Have you ever taken a good look at your own News Feed? Facebook always seems to include an array of post types so you have options. But according to they suggest Facebook also knows what type of post you like the most and will show you that type more often.

If you haven't realized it yet, and perhaps what you might find surprising, is that each of us has a personal EdgeRanking. None of us see the same News Feed. On Google Search you can use the "Incognito" feature in the Chrome browser to view a non-personalized version of search results. That doesn't exist in Facebook because it was designed for personalized experiences.

According to WildFire, the least popular post type is the Shared Link. This is sad because that's how you would expect to jump users from Facebook to your website. Many Facebook marketing experts will tell you this is because Facebook users want to stay on Facebook, and that seems to be true according to our own measurements.

Our own studies show that Business Pages who share links to their website rarely get users to click. On the other hand, one shared linking strategy that does work well happens when a user randomly shares a photo from your website along with a question. Example: "I see this ring on your website without a price. Can you tell me how much it is?" We see many people following this type of shared website links, perhaps out of curiosity.

We'll cover more specific examples when we publicize our findings in later Nuggets.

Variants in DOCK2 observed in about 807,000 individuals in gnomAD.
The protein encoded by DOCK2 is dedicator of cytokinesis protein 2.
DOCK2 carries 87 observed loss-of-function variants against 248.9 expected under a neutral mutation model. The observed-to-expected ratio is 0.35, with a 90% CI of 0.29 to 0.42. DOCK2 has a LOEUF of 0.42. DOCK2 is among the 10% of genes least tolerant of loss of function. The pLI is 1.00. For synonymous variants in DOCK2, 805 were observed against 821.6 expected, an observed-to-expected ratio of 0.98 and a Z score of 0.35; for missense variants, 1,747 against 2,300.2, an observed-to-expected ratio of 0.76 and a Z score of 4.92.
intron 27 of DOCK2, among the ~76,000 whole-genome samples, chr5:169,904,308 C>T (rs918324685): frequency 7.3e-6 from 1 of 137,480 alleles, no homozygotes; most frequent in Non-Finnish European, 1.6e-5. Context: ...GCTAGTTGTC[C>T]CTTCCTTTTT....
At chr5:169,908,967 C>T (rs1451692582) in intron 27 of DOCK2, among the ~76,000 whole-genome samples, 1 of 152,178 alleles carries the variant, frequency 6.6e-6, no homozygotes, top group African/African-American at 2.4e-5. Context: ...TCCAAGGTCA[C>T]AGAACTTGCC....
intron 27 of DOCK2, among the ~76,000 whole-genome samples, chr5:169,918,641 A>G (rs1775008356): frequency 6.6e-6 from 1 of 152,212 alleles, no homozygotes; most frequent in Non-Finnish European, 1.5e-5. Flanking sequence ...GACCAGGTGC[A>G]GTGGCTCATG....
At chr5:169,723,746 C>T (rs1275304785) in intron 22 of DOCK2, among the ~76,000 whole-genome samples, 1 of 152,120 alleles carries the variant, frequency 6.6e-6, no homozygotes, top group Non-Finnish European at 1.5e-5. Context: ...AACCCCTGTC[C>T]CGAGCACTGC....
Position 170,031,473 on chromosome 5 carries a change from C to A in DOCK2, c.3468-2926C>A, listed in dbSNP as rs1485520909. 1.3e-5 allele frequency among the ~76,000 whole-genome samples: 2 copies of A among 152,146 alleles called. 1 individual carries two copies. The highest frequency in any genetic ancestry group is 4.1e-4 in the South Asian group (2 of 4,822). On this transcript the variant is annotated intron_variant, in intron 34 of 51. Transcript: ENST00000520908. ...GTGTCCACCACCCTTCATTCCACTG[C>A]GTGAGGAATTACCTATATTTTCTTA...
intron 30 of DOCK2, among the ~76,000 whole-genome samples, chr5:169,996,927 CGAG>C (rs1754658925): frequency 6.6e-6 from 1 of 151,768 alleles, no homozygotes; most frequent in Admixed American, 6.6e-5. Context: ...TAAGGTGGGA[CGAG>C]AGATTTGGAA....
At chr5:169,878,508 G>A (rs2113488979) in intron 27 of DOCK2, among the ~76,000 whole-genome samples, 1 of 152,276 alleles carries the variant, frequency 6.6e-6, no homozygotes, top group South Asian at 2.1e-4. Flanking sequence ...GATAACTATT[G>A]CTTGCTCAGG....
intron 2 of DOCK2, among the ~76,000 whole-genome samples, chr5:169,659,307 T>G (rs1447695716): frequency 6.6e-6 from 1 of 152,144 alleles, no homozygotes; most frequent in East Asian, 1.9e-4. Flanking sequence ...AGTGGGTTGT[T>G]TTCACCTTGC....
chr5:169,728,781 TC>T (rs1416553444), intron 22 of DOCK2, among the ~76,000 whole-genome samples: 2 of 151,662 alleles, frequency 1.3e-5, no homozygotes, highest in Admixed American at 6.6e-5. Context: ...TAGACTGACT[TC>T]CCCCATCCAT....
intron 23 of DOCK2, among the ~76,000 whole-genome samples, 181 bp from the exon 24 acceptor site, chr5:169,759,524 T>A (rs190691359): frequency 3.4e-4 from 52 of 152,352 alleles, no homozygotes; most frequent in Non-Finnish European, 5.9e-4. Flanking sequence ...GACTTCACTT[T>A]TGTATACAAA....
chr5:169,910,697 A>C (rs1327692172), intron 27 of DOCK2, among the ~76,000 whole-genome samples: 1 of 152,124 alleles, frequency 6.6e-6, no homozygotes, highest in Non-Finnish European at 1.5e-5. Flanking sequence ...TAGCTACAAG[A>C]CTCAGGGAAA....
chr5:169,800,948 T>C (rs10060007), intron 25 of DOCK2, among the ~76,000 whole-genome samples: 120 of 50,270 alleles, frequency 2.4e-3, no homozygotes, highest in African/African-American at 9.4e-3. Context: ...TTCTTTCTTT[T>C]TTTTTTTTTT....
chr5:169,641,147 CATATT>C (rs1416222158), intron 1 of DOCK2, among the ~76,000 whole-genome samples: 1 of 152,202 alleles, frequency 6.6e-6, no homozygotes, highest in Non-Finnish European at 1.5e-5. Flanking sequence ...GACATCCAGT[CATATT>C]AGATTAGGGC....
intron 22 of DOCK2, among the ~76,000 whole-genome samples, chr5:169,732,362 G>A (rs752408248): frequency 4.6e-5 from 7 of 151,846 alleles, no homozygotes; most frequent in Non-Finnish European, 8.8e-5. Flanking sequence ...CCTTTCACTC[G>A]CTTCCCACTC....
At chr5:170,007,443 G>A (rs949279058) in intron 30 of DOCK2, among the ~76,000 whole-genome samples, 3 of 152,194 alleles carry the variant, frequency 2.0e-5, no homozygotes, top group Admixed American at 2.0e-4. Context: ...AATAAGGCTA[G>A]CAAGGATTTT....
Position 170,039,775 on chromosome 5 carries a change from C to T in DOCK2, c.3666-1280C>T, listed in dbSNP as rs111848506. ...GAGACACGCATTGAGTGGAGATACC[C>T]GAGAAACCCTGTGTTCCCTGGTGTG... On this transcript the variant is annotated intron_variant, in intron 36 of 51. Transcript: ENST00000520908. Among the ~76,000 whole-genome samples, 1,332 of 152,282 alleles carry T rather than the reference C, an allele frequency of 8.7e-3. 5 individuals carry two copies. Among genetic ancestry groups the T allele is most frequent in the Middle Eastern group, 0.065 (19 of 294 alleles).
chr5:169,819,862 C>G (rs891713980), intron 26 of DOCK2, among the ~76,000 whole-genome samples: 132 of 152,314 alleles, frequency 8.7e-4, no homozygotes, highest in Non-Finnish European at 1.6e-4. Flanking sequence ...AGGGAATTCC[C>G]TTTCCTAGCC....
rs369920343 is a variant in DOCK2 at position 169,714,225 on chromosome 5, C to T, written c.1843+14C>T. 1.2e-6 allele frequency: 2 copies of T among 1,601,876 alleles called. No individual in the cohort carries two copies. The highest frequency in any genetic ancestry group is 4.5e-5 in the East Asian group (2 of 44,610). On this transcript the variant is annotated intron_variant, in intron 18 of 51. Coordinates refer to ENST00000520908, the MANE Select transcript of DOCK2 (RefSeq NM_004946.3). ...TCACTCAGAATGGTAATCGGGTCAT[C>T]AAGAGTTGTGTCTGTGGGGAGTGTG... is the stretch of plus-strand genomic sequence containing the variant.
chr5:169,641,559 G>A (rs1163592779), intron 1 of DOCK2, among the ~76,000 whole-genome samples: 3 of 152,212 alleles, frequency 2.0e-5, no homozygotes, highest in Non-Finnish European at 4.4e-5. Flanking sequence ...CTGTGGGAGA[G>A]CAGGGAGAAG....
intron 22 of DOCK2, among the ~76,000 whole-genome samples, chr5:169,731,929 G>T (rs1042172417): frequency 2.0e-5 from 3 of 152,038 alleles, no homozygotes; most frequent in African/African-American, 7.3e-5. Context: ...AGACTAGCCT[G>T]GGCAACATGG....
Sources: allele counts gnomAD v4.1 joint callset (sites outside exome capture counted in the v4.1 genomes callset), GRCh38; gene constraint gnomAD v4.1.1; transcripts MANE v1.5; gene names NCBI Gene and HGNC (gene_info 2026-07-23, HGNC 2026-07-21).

There's a little more to the Edge Weight than how we're explaining it here because it does measure more than just the post type. The equation also considers how many friends of your friends (Likers) also comment, like, or view a photo. The best you can hope for with each post is to have one of your Likers comment on it, and then one of their friends to comment on their comment. This will extend your exposure and increases your EdgeRank. If you're really lucky, people will continue to comment on the comments until a single post goes "viral."

But even viral posts die rather quickly, and that will be explained in tomorrow's Daily Golden Nugget.

Research sources for this Nugget:

Buddy Media:


AT: 05/23/2012 06:55:43 PM   LINK TO THIS GOLD NUGGET
Confused and worried about your mobile website options? Click here to find out how to get your own website evaluation and a game plan to make it better.

Like This Jewelry Website SEO Gold Nugget? Please Share!

Like Our Site? Follow Us!

0 Comments on Understanding Facebook EdgeRank for Jewelers (Part 2)

Post a Comment

Check here for Anonymous


Please contact me at the phone number and address below
Phone Number



User Verification
3 6 3 4 2 4 4 9
Please enter the number you see in the box.
[ What's This? ]
Sign Up For Emailed Daily Gold Nuggets

"...articles are easy to follow and seem to have information one can use right away."
-Ann, Gallery 4, Hamden CT

"...serious kudos to you. We love your straight talk, pertinent information and plain language. I don't know how many industries have something of jWAG's caliber available, but I learn from the emails every day. Really, really nice work, and very appreciated."
-Cheryl Herrick, Global Pathways Jewelry